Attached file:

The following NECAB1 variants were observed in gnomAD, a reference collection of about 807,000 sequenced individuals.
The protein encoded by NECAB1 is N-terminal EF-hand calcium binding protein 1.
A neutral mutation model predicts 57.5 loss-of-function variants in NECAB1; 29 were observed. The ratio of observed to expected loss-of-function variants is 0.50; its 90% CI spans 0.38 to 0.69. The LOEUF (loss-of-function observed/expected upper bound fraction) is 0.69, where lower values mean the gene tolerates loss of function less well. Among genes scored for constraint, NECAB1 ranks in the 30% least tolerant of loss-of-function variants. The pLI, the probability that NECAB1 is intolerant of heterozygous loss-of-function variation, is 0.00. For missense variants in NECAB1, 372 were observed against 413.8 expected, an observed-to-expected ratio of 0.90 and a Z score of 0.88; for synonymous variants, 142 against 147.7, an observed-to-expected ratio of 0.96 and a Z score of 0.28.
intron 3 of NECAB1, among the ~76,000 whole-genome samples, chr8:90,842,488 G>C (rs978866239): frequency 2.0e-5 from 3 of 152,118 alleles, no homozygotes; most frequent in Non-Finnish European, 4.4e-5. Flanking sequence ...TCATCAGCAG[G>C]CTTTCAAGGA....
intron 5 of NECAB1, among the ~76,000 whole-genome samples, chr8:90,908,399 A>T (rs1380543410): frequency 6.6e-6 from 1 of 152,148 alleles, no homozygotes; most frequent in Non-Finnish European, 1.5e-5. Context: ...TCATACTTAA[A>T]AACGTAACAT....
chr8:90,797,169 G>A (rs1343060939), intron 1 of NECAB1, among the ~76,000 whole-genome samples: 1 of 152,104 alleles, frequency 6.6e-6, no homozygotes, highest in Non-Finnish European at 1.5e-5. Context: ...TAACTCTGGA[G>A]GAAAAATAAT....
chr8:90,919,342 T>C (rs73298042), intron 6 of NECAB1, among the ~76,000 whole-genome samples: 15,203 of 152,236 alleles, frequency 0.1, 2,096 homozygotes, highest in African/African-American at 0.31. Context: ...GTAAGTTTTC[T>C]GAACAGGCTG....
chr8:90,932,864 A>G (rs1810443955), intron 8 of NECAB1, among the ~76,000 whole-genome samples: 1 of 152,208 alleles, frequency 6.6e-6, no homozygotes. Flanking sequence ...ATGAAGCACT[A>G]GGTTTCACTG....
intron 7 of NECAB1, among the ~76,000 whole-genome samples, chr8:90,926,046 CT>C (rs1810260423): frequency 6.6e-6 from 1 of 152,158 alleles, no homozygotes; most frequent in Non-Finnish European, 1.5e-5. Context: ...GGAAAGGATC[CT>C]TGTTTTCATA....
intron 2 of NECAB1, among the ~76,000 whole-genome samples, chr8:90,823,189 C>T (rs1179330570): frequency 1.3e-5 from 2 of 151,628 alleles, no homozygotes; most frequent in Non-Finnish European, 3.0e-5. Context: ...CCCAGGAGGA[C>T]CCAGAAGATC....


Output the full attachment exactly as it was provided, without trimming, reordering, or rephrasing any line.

The following NECAB1 variants were observed in gnomAD, a reference collection of about 807,000 sequenced individuals.
The protein encoded by NECAB1 is N-terminal EF-hand calcium binding protein 1.
A neutral mutation model predicts 57.5 loss-of-function variants in NECAB1; 29 were observed. The ratio of observed to expected loss-of-function variants is 0.50; its 90% CI spans 0.38 to 0.69. The LOEUF (loss-of-function observed/expected upper bound fraction) is 0.69, where lower values mean the gene tolerates loss of function less well. Among genes scored for constraint, NECAB1 ranks in the 30% least tolerant of loss-of-function variants. The pLI, the probability that NECAB1 is intolerant of heterozygous loss-of-function variation, is 0.00. For missense variants in NECAB1, 372 were observed against 413.8 expected, an observed-to-expected ratio of 0.90 and a Z score of 0.88; for synonymous variants, 142 against 147.7, an observed-to-expected ratio of 0.96 and a Z score of 0.28.
intron 3 of NECAB1, among the ~76,000 whole-genome samples, chr8:90,842,488 G>C (rs978866239): frequency 2.0e-5 from 3 of 152,118 alleles, no homozygotes; most frequent in Non-Finnish European, 4.4e-5. Flanking sequence ...TCATCAGCAG[G>C]CTTTCAAGGA....
intron 5 of NECAB1, among the ~76,000 whole-genome samples, chr8:90,908,399 A>T (rs1380543410): frequency 6.6e-6 from 1 of 152,148 alleles, no homozygotes; most frequent in Non-Finnish European, 1.5e-5. Context: ...TCATACTTAA[A>T]AACGTAACAT....
chr8:90,797,169 G>A (rs1343060939), intron 1 of NECAB1, among the ~76,000 whole-genome samples: 1 of 152,104 alleles, frequency 6.6e-6, no homozygotes, highest in Non-Finnish European at 1.5e-5. Context: ...TAACTCTGGA[G>A]GAAAAATAAT....
chr8:90,919,342 T>C (rs73298042), intron 6 of NECAB1, among the ~76,000 whole-genome samples: 15,203 of 152,236 alleles, frequency 0.1, 2,096 homozygotes, highest in African/African-American at 0.31. Context: ...GTAAGTTTTC[T>C]GAACAGGCTG....
chr8:90,932,864 A>G (rs1810443955), intron 8 of NECAB1, among the ~76,000 whole-genome samples: 1 of 152,208 alleles, frequency 6.6e-6, no homozygotes. Flanking sequence ...ATGAAGCACT[A>G]GGTTTCACTG....
intron 7 of NECAB1, among the ~76,000 whole-genome samples, chr8:90,926,046 CT>C (rs1810260423): frequency 6.6e-6 from 1 of 152,158 alleles, no homozygotes; most frequent in Non-Finnish European, 1.5e-5. Context: ...GGAAAGGATC[CT>C]TGTTTTCATA....
intron 2 of NECAB1, among the ~76,000 whole-genome samples, chr8:90,823,189 C>T (rs1179330570): frequency 1.3e-5 from 2 of 151,628 alleles, no homozygotes; most frequent in Non-Finnish European, 3.0e-5. Context: ...CCCAGGAGGA[C>T]CCAGAAGATC....